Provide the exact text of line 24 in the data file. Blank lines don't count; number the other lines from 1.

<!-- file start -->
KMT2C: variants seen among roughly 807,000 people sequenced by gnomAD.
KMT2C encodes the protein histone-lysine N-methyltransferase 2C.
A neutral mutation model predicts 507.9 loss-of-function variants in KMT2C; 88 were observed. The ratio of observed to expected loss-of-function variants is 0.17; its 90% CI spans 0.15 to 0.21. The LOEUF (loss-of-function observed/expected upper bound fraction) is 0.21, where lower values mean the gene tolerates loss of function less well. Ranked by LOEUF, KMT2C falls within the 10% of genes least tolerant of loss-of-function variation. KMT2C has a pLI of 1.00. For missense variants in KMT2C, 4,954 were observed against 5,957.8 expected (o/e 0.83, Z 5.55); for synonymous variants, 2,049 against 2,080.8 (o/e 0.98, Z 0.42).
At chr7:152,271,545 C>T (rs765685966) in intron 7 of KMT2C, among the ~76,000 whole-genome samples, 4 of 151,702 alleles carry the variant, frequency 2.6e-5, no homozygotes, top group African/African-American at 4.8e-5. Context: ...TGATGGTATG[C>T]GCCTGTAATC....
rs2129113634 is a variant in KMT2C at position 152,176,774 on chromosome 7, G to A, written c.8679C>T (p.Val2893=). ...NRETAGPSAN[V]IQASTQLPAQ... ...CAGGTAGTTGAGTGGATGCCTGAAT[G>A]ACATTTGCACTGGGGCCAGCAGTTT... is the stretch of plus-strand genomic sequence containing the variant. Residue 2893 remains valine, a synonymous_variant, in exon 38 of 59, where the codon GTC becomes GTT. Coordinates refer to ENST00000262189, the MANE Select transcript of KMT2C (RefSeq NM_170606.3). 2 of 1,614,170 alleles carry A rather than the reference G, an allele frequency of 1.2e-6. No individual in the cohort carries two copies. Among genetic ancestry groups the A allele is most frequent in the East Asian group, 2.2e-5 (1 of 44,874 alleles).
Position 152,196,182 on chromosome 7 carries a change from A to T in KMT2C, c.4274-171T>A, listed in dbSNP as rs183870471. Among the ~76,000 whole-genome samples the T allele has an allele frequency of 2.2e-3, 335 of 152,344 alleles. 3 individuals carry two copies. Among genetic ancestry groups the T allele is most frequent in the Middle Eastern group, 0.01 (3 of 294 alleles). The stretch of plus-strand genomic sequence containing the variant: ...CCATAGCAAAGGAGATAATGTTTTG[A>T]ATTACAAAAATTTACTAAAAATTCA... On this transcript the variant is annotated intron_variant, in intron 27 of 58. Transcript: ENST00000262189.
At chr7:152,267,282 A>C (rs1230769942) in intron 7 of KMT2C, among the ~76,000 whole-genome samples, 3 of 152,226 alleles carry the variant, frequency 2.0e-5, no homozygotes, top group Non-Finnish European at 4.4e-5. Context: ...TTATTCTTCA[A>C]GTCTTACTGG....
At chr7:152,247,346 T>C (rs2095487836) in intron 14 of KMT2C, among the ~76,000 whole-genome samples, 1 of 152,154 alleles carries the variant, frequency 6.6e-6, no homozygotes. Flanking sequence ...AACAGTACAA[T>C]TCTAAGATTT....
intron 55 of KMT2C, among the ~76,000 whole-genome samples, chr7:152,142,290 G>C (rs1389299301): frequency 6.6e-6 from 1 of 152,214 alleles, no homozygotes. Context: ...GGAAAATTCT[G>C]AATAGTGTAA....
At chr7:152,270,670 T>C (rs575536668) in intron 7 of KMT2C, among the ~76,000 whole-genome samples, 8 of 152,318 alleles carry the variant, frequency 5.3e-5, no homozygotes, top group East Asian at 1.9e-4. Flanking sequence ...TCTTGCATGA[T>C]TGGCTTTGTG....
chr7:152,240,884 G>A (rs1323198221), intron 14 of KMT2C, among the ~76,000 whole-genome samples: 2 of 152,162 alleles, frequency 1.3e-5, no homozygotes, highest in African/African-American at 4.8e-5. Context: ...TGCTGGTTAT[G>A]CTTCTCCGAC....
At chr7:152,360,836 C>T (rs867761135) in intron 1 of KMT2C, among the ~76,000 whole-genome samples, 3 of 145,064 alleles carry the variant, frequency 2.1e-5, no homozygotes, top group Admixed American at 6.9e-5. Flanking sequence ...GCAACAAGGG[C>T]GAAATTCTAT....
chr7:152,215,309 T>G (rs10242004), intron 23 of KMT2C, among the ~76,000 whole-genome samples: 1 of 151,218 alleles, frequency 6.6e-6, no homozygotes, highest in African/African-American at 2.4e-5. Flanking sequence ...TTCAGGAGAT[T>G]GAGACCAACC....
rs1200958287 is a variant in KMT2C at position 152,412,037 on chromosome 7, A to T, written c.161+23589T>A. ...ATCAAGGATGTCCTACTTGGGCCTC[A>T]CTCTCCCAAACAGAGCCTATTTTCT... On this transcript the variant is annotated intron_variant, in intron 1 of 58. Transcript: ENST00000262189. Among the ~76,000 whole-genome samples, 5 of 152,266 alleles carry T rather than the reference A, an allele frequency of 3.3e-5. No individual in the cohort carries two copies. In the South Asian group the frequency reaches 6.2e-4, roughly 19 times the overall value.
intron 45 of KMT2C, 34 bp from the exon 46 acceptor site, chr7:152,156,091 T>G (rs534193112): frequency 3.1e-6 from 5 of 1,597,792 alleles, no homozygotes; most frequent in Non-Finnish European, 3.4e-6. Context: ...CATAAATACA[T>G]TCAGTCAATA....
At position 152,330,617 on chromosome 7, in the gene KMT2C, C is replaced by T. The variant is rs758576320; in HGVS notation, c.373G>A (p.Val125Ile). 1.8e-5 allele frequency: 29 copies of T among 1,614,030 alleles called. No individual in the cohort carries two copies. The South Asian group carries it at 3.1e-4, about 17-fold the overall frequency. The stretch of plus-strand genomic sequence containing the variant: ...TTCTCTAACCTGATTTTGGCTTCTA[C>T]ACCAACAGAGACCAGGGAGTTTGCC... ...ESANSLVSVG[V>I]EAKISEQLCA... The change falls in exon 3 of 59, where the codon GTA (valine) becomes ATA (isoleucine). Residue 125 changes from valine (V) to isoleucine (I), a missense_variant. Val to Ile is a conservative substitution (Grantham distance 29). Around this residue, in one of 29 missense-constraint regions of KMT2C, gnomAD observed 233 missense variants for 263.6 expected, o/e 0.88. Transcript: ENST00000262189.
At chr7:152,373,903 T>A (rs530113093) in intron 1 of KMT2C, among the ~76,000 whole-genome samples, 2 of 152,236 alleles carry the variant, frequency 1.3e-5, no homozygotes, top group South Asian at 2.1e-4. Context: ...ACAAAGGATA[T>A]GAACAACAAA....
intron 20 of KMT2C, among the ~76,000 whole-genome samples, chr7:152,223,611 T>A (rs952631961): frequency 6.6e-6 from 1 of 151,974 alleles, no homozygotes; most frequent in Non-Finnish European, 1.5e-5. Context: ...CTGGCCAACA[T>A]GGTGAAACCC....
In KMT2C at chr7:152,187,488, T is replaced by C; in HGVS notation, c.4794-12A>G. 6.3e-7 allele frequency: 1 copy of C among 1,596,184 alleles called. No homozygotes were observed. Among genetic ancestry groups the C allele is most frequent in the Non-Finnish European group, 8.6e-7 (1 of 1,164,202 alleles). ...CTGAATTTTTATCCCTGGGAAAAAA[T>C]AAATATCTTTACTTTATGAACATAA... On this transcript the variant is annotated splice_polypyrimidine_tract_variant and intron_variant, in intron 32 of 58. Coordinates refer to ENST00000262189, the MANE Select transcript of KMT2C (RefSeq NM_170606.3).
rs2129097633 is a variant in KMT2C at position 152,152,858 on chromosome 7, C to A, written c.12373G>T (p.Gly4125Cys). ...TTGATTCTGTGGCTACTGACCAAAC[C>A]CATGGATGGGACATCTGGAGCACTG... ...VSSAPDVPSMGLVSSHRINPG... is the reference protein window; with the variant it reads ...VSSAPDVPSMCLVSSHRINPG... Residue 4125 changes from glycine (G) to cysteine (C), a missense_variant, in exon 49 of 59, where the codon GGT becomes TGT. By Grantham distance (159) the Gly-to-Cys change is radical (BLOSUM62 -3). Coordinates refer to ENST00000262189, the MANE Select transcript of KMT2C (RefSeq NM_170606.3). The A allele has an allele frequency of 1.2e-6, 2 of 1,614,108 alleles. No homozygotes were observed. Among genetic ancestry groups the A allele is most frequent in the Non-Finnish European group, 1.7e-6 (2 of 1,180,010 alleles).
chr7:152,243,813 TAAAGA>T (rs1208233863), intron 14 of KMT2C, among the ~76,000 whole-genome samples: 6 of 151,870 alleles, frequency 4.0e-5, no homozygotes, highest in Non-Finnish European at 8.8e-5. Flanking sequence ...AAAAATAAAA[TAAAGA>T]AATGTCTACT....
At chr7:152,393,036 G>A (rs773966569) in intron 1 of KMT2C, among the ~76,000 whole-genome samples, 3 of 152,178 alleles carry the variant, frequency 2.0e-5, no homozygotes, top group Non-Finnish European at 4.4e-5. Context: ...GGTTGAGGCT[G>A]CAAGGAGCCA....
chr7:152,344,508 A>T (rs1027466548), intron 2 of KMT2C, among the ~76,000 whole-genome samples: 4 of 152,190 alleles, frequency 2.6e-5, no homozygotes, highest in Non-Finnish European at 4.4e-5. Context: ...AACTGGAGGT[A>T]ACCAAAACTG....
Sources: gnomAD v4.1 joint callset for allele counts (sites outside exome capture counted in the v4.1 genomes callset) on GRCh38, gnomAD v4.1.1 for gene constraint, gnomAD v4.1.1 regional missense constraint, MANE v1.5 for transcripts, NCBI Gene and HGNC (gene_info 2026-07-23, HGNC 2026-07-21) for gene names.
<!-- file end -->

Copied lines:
Sources: gnomAD v4.1 joint callset for allele counts (sites outside exome capture counted in the v4.1 genomes callset) on GRCh38, gnomAD v4.1.1 for gene constraint, gnomAD v4.1.1 regional missense constraint, MANE v1.5 for transcripts, NCBI Gene and HGNC (gene_info 2026-07-23, HGNC 2026-07-21) for gene names.